The old Bishop outlives the government and an outsider is appointed Bishop by the new Prime Minister. The new Bishop, Dr. Proudie, arrives in Barchester with his bossy, domineering wife and  a very ambitious chaplain, Mr. Slope--possibly the slimiest character in all of literature. Mr. Slope and Mrs. Proudie begin as allies in a campaign to force the rest of the diocese into their religious views and to systematically insult the members of the old guard. A dispute over a piece of preferment erupts into a power struggle between Mrs. Proudie and Mr. Slope over which of them will rule the Bishop.

    I've noticed this thing in 19th century novels, that preachers were often idolized by women, the way movie stars or singers are today. The odious Mr. Slope, is detested by all men, but his faux piety has some charm for women, even though he is not physically attractive. This, in part leads to a misunderstanding which occupies a lot of this novel, the Archdeacon and his wife are convinced that her sister, Mrs. Bold (now a wealthy widow) will be induced to marry Mr. Slope. I hate misunderstandings, and if this novel has an imperfection, it's this one. But I can't hold it against Trollope when he addresses the reader and acknowledges the device: "But then where would have been my novel?"

    I can't in this short piece do justice to all of his wonderful characters, but I'll just tell you about my favorite, The Signora Neroni, nee Madeline Stanhope. This lady is the daughter of a Barchester prebend, Dr. Stanhope, who has at the the time of the novel lived for the past ten years with his ineffectual wife, his eldest daughter, the competent, but cold-blooded Charlotte, his son, Bertie, a handsome, charming spendthrift, and his younger daughter, Madeline. Madeline is a great, great beauty, and an even greater captivator through her manners. But Trollope gives her something unexpected: she's returned to her father's house after an unsuccessful marriage with an abusive Italian. She leaves him, unable to walk, disabled by his abuse. She doesn't let her disability dampen her success with men though--instead she makes a great show of being carried from room to room by three servants! She mercilessly ensnares as many men as she can come across, and the odious Mr. Slope is one of her easiest conquests. She toys with him and tortures him until disposing of him in the most glorious and public manner possible at the end of the novel. She seems heartless and cruel, but when she earns the admiration of an honest and good man, Mr. Arabin, she helps him to earn the woman he loves (Eleanor Bold, nee Harding.) From this witty and delightfully nasty lady, I'll give you instead her one noble moment, when she tells Eleanor about Arabin's love for her, one of Trollope's most beautiful passages:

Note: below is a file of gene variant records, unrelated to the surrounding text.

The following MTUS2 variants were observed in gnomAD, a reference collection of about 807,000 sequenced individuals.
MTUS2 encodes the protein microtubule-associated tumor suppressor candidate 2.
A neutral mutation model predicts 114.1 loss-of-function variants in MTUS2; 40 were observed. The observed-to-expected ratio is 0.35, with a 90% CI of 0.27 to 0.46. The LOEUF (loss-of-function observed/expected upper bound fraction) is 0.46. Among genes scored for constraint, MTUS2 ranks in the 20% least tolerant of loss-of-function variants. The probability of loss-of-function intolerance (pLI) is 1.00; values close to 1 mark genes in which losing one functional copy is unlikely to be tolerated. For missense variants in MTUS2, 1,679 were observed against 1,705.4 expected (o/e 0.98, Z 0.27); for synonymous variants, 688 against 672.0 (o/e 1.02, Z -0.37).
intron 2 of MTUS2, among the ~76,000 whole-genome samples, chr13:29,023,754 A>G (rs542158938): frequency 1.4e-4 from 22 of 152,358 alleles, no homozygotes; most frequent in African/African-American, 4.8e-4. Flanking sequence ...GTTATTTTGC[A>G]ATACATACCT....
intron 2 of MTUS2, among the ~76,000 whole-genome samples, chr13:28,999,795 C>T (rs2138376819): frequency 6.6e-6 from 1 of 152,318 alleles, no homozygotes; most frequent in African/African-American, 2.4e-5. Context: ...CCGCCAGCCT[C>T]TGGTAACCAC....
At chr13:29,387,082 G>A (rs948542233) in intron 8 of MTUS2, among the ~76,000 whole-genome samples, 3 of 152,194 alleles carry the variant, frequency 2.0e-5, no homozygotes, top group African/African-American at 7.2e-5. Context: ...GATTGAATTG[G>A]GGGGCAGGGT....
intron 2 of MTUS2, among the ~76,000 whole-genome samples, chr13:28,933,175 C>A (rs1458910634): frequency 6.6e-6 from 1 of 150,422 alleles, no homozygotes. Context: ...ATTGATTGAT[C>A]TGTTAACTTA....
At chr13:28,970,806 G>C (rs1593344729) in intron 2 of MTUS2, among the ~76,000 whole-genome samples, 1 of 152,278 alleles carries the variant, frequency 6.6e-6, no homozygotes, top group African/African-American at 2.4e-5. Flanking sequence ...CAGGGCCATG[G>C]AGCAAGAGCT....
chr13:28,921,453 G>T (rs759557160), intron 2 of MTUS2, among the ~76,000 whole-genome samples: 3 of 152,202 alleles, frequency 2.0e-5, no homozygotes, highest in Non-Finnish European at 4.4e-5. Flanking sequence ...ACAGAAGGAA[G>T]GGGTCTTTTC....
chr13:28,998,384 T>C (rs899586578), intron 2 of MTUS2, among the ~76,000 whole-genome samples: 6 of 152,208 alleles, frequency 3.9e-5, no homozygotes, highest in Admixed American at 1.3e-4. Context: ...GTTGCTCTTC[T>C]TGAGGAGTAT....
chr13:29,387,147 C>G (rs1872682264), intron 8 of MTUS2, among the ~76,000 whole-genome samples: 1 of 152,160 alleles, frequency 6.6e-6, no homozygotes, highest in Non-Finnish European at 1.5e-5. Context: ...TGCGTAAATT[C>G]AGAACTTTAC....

"What I tell you is God's own truth; and it is for you to use it as may be best for your own happiness. But you must not betray me. He knows nothing of this. He knows nothing of my knowing his inmost heart. He is simple as a child in these matters. He told me his secret in a thousand ways because he could not dissemble; but he does not dream that has told it. You know it now, and I advise you to use it."

    Wednesday, October 30, 2013